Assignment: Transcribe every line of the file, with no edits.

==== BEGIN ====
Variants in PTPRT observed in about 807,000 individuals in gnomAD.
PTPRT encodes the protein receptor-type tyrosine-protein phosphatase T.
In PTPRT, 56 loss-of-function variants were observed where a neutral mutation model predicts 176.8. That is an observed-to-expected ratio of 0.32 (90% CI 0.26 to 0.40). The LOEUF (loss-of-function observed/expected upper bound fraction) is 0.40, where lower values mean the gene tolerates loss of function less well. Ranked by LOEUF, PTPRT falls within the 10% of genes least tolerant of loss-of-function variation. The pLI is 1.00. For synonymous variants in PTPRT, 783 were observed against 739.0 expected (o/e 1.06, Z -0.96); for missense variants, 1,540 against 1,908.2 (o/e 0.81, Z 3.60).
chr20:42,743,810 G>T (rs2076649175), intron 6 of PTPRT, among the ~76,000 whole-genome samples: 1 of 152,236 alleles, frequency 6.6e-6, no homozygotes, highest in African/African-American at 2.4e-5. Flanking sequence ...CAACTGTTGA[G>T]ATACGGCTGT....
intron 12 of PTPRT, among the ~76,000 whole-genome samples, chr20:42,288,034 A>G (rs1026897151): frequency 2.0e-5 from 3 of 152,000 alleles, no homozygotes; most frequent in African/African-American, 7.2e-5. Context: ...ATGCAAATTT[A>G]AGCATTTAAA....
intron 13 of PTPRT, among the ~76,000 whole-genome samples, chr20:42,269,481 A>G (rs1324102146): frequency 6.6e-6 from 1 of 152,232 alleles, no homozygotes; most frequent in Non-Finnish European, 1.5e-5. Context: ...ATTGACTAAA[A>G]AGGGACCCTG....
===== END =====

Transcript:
Variants in PTPRT observed in about 807,000 individuals in gnomAD.
PTPRT encodes the protein receptor-type tyrosine-protein phosphatase T.
In PTPRT, 56 loss-of-function variants were observed where a neutral mutation model predicts 176.8. That is an observed-to-expected ratio of 0.32 (90% CI 0.26 to 0.40). The LOEUF (loss-of-function observed/expected upper bound fraction) is 0.40, where lower values mean the gene tolerates loss of function less well. Ranked by LOEUF, PTPRT falls within the 10% of genes least tolerant of loss-of-function variation. The pLI is 1.00. For synonymous variants in PTPRT, 783 were observed against 739.0 expected (o/e 1.06, Z -0.96); for missense variants, 1,540 against 1,908.2 (o/e 0.81, Z 3.60).
chr20:42,743,810 G>T (rs2076649175), intron 6 of PTPRT, among the ~76,000 whole-genome samples: 1 of 152,236 alleles, frequency 6.6e-6, no homozygotes, highest in African/African-American at 2.4e-5. Flanking sequence ...CAACTGTTGA[G>T]ATACGGCTGT....
intron 12 of PTPRT, among the ~76,000 whole-genome samples, chr20:42,288,034 A>G (rs1026897151): frequency 2.0e-5 from 3 of 152,000 alleles, no homozygotes; most frequent in African/African-American, 7.2e-5. Context: ...ATGCAAATTT[A>G]AGCATTTAAA....
intron 13 of PTPRT, among the ~76,000 whole-genome samples, chr20:42,269,481 A>G (rs1324102146): frequency 6.6e-6 from 1 of 152,232 alleles, no homozygotes; most frequent in Non-Finnish European, 1.5e-5. Context: ...ATTGACTAAA[A>G]AGGGACCCTG....